• Always place citations after the last punctuation mark in the paragraph. (In other words, put the full stop / period before the citation rather than after.)
  • Surround citations by round brackets / parentheses. Do not place spaces inside of the brackets.
  • Separate citations from different media series with a semicolon. For instance, when citing both a film and an episode, you might do the following: ({{mciss}}; {{logh|001}})
  • The format for 'Appearances' citations is somewhat different; please follow the guide lines seen at Sections: Appearances.

Writing styleEdit

Sections under this heading refer to guidelines related to more 'minor' aspects of article creation, including grammar, spelling, date formats, link style, &c.


Please try to maintain an 'encyclopaedic' tone at all times when writing articles (normal conversational tone is fine on Talk pages, User pages, &c.). This means avoiding slang, expressions of emotion, and personal opinion. Additionally, please keep a 'matter of fact' perspective when writing episode synopses and the like — these should not read like fan fiction or novellas.

Spelling, grammar, and punctuationEdit

The 'house style' of Gineipaedia is an international form of British English. This means that the following general rules apply:

  • Use British spellings ('colour', 'defence', 'kilometre', 'capitalise', &c.).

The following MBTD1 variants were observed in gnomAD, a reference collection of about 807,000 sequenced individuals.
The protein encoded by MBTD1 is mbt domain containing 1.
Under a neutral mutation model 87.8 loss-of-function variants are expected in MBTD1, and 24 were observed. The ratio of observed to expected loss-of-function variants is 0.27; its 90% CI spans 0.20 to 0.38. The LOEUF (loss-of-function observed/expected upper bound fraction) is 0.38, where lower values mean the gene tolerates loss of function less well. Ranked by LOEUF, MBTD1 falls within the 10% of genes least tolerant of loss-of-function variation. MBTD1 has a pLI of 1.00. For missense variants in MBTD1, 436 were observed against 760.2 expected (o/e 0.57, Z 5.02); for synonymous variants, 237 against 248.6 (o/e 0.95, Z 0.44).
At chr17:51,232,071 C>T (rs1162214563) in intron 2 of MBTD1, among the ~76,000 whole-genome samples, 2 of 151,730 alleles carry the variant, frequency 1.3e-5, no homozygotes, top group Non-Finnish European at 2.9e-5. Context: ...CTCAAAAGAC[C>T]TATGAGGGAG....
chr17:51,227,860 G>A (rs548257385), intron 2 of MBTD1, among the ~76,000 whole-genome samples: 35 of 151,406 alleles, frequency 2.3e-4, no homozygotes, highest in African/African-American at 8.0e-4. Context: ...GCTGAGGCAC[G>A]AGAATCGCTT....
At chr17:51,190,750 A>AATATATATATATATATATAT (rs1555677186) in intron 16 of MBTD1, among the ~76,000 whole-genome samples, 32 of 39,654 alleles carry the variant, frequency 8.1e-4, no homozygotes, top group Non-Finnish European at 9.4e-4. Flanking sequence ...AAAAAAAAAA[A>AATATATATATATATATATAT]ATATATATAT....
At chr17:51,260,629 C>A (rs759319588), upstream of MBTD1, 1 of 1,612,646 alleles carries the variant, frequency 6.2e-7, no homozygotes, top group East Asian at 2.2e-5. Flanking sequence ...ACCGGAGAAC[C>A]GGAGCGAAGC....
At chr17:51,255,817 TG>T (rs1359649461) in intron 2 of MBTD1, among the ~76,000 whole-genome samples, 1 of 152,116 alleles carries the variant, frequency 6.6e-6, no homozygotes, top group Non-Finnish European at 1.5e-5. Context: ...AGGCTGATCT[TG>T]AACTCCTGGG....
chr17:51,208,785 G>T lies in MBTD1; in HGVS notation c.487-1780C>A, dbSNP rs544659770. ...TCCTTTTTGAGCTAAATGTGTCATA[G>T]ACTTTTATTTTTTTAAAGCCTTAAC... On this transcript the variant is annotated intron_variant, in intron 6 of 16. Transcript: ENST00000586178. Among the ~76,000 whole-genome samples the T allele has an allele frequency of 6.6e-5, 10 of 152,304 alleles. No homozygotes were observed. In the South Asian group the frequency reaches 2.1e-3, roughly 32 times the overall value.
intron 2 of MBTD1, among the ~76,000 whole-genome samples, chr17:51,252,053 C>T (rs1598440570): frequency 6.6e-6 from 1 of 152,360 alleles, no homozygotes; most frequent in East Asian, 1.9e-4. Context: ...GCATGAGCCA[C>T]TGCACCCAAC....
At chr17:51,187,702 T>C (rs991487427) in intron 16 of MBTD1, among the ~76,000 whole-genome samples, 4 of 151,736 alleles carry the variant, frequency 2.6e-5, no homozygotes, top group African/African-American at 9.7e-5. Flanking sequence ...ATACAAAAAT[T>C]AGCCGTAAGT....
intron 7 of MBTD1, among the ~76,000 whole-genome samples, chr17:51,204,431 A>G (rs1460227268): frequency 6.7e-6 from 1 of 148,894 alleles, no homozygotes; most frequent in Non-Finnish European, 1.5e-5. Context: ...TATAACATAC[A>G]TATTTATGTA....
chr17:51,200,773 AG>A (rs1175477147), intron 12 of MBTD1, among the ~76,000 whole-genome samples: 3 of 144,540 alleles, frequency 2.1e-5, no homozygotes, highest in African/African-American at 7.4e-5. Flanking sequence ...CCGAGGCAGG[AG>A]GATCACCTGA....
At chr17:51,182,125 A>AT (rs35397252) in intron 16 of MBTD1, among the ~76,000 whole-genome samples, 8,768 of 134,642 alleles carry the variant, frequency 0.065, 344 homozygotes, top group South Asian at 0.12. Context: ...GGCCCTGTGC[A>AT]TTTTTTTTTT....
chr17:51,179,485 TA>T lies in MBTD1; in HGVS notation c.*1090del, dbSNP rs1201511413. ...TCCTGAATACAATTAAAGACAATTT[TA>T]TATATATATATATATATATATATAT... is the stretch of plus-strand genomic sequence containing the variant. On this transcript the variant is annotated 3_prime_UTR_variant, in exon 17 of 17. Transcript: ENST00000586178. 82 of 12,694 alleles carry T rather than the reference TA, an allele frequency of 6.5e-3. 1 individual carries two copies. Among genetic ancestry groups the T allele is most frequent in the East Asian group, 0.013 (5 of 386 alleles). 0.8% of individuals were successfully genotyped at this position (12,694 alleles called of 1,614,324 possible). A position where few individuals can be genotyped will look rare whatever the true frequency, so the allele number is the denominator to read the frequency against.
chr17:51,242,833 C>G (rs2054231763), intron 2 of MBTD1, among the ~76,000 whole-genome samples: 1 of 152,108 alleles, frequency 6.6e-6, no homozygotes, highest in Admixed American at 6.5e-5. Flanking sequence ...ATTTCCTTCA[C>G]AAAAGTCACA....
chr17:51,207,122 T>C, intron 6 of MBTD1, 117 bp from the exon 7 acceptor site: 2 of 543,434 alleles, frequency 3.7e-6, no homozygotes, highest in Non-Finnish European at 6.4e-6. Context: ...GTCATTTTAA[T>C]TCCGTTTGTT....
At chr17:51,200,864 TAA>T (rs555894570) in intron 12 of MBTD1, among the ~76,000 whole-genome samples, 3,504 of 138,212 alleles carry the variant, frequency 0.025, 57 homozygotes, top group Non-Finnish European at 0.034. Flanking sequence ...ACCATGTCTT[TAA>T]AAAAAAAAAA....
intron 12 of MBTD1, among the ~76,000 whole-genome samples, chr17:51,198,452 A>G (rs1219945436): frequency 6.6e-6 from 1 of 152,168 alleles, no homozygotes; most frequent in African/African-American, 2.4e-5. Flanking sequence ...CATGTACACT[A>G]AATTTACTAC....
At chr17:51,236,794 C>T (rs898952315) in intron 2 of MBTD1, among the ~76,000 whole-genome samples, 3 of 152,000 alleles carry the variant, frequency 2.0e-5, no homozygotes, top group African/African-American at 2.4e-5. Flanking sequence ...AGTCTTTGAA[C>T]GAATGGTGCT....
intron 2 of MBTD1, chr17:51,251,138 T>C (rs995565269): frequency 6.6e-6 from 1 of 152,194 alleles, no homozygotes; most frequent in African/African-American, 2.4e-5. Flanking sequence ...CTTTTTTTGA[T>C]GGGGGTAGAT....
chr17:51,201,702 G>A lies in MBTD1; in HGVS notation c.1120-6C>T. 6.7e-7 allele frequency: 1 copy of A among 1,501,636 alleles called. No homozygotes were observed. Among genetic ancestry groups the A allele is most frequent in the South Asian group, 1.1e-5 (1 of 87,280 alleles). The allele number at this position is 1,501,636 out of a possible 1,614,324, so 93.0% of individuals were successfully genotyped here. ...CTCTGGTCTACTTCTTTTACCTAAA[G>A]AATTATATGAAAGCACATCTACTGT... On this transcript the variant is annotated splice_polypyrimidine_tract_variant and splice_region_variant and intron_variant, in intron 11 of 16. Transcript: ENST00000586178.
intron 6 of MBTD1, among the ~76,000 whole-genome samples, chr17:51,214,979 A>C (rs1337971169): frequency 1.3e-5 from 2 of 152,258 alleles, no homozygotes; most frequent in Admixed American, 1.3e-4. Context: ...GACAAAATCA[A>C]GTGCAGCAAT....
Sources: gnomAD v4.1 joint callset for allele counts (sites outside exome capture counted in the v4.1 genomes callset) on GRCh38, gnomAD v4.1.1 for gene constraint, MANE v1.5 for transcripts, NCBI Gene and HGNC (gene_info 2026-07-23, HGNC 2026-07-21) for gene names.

• Prefer international terminology when possible (in other words, although UK English is preferred, do not use words that an international audience would be unfamiliar with).
  • Use British punctuation — single-quotes are preferred to double-quotes, and commas and full stops / periods should usually go outside of quotes.
  • Use English number formatting — this means using commas as digit separators ('20,000' for twenty-thousand, not '20.000' as in German) and dots for decimal separators ('1.29' for one-point-two-nine, not '1,29').
  • Do not include a comma in numbers less than 10,000, unless quoting — use '9000', not '9,000'.

The exception to the above rules is when the series itself uses non-British spelling or terminology in proper nouns or in English phrases.

With all of the above said, it is understood that many users may not be familiar with UK spelling and grammar rules. It isn't strictly necessary to familiarise oneself with these — if you aren't sure what to do, just write the way you normally do. It's always better to have slightly inconsistently styled content than no content at all, and someone else will fix it later anyway.


Related to the punctuation rules above, the preferred method of using dashes (—) is similar to the British style: an 'open' em dash (with a space on each side). This applies both to running text (dashes that occur in the middle of a normal sentence) and to 'offset' text (dashes that are used to separate a definition from a qualifier, like the sort used on the policy page.